Wednesday 5th June was World Environment Day – the United Nations’ day for encouraging worldwide awareness and action to protect our environment. It’s a day for people to do something to take care of the Earth, to actively make a difference and the Year 3 pupils from Cranfield Church of England Academy did this by joining with the Forest of Marston Vale team to litter pick in their local woodland, Rectory Wood in Cranfield.
Eighty pupils from the school, with their teachers, had lots of fun playing games and creating works of art with leaf rubbings, as well as helping to clear litter from the Charity’s woodland and learning about why trees are so important to our environment. This year’s theme for World Environment Day was air pollution, so the children learned about how effective trees are at reducing air pollution. Since they began in 1991 the Forest of Marston Vale Charity has planted over 1.5 million trees and a recent independent study reported that these trees absorb 4,917 tonnes of carbon dioxide ever year – that’s the equivalent of the annual emissions from around 2,000 family cars.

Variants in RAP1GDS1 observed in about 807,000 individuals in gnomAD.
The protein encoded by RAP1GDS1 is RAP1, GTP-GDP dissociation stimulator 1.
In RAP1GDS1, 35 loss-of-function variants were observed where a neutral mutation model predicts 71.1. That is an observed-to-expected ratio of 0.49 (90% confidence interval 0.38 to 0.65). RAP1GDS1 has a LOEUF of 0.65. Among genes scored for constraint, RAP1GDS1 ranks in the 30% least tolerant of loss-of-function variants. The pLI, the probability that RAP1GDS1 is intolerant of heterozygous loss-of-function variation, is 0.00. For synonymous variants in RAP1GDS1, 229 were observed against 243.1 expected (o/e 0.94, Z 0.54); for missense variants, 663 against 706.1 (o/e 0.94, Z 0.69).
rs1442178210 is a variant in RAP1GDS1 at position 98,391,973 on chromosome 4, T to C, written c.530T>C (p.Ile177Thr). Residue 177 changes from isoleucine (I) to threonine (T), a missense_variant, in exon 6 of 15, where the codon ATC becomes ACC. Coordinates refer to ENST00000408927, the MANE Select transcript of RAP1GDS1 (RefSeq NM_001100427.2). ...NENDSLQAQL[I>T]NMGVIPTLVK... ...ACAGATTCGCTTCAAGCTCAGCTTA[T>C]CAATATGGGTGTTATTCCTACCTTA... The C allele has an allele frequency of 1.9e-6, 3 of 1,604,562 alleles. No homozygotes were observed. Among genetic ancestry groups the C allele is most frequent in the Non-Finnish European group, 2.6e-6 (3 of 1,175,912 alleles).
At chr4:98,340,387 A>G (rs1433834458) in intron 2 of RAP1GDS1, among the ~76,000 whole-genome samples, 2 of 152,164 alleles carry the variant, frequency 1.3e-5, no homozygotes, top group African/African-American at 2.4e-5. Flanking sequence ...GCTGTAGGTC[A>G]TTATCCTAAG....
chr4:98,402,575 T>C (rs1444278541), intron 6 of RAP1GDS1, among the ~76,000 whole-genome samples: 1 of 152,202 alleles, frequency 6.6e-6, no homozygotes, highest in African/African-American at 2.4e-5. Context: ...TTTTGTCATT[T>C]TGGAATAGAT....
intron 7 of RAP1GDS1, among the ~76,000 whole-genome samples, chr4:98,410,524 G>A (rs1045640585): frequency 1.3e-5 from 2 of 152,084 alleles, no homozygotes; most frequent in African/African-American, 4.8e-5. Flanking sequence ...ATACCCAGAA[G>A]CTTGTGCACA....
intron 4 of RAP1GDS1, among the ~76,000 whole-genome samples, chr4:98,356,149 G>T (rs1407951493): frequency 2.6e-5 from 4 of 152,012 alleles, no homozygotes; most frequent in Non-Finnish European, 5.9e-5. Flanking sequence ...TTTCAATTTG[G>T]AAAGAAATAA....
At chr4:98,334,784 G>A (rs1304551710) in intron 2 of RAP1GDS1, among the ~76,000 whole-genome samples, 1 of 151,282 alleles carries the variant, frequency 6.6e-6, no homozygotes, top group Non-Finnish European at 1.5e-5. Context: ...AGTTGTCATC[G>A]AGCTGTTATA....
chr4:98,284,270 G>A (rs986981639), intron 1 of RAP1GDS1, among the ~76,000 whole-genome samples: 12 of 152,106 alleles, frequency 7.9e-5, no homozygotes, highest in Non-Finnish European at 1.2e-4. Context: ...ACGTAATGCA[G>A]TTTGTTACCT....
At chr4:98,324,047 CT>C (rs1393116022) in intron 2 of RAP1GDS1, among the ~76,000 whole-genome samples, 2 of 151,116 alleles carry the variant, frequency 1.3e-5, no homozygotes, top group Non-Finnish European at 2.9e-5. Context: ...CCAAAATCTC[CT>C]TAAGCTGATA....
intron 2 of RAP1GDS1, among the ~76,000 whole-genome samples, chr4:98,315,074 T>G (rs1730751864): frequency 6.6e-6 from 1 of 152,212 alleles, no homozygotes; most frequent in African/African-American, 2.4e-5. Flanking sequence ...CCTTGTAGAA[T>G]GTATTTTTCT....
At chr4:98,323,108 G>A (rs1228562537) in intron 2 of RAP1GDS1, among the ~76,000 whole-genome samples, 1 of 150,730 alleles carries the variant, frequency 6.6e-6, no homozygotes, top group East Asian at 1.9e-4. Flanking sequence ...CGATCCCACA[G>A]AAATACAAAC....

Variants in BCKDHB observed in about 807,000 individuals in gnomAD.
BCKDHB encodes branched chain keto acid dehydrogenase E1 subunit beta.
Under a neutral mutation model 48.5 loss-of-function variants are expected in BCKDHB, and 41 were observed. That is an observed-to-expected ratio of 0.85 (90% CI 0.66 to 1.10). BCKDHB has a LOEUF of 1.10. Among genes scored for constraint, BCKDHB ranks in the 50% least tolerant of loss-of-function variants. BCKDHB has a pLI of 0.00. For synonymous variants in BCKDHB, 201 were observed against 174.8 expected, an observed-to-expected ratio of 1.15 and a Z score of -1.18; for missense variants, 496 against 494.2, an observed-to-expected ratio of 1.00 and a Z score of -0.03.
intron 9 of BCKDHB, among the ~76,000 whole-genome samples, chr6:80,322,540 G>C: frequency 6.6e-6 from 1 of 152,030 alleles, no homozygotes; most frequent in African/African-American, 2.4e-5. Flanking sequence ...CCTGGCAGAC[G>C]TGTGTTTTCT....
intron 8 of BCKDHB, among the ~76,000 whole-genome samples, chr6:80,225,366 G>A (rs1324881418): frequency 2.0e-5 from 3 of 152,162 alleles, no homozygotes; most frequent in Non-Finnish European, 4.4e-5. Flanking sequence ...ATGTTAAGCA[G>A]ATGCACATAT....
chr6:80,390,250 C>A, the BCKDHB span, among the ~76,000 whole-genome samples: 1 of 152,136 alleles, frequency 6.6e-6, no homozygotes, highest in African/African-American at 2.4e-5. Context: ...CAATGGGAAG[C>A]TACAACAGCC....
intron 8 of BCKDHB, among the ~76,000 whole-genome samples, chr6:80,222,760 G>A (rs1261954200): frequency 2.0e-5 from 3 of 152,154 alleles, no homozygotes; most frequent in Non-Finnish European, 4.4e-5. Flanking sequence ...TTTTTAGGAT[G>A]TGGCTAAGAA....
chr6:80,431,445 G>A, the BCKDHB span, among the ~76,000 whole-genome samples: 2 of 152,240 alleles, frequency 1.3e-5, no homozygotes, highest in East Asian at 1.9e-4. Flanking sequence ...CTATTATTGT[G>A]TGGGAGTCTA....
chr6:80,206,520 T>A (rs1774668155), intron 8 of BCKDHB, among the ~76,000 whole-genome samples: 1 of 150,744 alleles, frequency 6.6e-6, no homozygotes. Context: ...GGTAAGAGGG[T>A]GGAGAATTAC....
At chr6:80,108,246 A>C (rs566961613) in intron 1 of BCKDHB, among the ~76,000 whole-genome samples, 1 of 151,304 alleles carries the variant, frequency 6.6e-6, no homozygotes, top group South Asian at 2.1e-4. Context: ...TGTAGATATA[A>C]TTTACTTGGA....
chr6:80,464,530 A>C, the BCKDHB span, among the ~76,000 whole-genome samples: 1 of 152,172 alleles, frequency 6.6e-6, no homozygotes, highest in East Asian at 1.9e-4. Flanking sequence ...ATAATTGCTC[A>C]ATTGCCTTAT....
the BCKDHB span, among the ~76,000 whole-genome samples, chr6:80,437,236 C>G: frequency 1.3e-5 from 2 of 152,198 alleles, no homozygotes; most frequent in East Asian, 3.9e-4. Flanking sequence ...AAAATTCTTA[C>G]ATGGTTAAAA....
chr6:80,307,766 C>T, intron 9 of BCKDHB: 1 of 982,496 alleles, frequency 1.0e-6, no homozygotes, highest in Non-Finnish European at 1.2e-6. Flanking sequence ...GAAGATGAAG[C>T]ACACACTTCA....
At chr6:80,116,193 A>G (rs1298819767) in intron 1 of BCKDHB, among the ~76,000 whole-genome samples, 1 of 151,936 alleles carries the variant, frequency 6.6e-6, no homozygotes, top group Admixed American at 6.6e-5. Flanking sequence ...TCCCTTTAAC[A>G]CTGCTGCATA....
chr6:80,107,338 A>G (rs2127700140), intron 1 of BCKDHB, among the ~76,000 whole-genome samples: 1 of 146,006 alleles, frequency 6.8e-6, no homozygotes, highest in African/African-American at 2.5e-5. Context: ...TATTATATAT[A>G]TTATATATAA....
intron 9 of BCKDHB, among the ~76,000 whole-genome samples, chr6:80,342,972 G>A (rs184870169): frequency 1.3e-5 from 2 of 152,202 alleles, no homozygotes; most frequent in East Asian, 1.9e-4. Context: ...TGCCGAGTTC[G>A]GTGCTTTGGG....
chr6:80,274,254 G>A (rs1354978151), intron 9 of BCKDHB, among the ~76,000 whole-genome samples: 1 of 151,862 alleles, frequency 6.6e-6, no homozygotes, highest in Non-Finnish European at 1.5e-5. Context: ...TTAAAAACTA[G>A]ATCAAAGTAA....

“I love sharing the story of the Forest of Marston Vale with people, especially children,” says Jo Roberts, Community Engagement Officer for the Charity. “This year alone we’ve planted 3,715 trees in school grounds throughout the Forest with 1,246 children and their families. The environment is thankfully a global concern today and we’re proud to be making a difference locally; these children are helping us care for woodlands that will be delivering benefits for hundreds of years.”
The Forest of Marston Vale is one of 12 Community Forests in England and covers 61 square miles between Bedford and Milton Keynes. Visit marstonvale.org to find out more about the Charity creating the Forest and their vision of planting another 5 million trees in the area.